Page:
For the first post of 2023 I thought I’d share a couple of unique and fun projects of Trompe l’oeil painted doors. If your unfamiliar with the term, trompe l’oiel is a French term used to describe a highly detailed painting meant to fool the eye. Variations on this concept have been used for interior and exterior murals with varying degrees of detail. Sometimes you don’t always have to go to the extreme in detail to dress up and provide a piece of art onto an otherwise plain flat utilitarian object.
Such was the case when contacted by a client to paint the illusion of a Dutch door onto a plain metal interior door that was the entrance to the living area of their “barndominium.” After taking a tour of their home and seeing the interior colors and gathering more info from them, an initial sketch was done and once approved work began. The following will show some progress shots.
The photograph of the door was printed out and I used it to draw my preliminary sketch and a color mock up to show the client. Once approved the work began.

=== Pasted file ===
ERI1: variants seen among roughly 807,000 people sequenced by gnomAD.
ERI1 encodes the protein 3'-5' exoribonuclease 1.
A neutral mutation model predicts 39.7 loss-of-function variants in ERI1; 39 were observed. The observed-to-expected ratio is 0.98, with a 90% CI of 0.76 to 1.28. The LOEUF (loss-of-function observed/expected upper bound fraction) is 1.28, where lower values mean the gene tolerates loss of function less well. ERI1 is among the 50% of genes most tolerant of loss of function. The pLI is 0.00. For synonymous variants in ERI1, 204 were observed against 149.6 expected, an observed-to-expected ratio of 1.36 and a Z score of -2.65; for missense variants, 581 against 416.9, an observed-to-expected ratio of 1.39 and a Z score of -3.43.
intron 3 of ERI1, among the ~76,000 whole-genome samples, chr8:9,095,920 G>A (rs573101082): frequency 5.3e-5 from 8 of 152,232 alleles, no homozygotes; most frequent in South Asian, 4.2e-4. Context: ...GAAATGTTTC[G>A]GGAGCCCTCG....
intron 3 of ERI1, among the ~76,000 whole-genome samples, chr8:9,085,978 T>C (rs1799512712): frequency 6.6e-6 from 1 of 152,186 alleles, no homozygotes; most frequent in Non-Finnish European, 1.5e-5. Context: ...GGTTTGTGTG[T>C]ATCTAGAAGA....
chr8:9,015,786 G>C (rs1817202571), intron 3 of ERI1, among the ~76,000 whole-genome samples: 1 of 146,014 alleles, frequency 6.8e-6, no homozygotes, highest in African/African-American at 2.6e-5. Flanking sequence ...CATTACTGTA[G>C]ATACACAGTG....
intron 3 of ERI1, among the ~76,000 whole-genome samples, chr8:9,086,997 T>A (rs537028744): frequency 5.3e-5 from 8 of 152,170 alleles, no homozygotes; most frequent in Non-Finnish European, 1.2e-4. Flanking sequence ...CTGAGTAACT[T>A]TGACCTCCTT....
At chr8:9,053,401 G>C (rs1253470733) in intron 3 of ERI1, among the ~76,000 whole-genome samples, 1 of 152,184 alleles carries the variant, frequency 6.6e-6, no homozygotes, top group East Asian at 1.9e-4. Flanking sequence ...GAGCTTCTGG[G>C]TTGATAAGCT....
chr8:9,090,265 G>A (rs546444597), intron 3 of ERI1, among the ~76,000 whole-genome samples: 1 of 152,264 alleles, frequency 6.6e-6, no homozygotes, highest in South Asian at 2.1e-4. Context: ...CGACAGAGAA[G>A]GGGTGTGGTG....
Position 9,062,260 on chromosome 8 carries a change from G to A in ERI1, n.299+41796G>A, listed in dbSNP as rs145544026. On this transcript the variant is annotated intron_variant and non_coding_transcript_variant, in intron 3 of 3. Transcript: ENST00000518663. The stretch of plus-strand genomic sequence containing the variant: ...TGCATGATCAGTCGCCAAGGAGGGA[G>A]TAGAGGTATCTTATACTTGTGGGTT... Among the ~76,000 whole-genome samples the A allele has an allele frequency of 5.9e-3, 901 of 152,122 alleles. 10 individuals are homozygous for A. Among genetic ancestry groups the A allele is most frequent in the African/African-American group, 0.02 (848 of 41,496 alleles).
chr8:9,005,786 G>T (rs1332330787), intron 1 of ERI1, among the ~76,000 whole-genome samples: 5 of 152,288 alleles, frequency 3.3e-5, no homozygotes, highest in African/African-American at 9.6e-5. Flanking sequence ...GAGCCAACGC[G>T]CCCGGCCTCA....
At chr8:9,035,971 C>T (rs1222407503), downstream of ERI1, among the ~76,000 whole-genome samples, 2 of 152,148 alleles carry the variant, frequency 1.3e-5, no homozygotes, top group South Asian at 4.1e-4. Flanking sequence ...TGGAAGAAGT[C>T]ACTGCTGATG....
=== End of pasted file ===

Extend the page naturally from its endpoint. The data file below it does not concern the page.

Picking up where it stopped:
After the drawing was done, areas were masked off and then painted with latex interior house paint. The color was a close match to other existing colors in my clients home. Once dry, blue painters tape was applied to mask off the already painted area, which made it easier to paint the background.
Second Phase of the tromp l’oiel door
Once the background was painted in, the painters tape was removed. The tape had also been put over the bluejay bird on the ledge of the door. An exacto knife was used to cut around the shape. Invariably a little paint seeped under areas of the tape requiring some touch up. Now with the tape removed the bluejay was painted.
The rest of the door was painted sitting on the floor.
Here’s the completed door which included my clients Shar-Pei dog Hazel sitting at the base.
And here’s the door installed!
This was a new experience in painting and it was sooo much fun to do!
The fun continued with another painted door project for another client with a slightly even more challenging subject.
Another painted door!
The work process was similar to the above, however, oil paint was used in areas that needed more open time making it easier to blend colors. However, the door had texture and panels so a sheet of smooth plywood was attached and then primed prior to painting. The subject was my client’s daughter who had done some modeling and his English bulldog PaPa when still a pup sitting at the base.
So what do you think?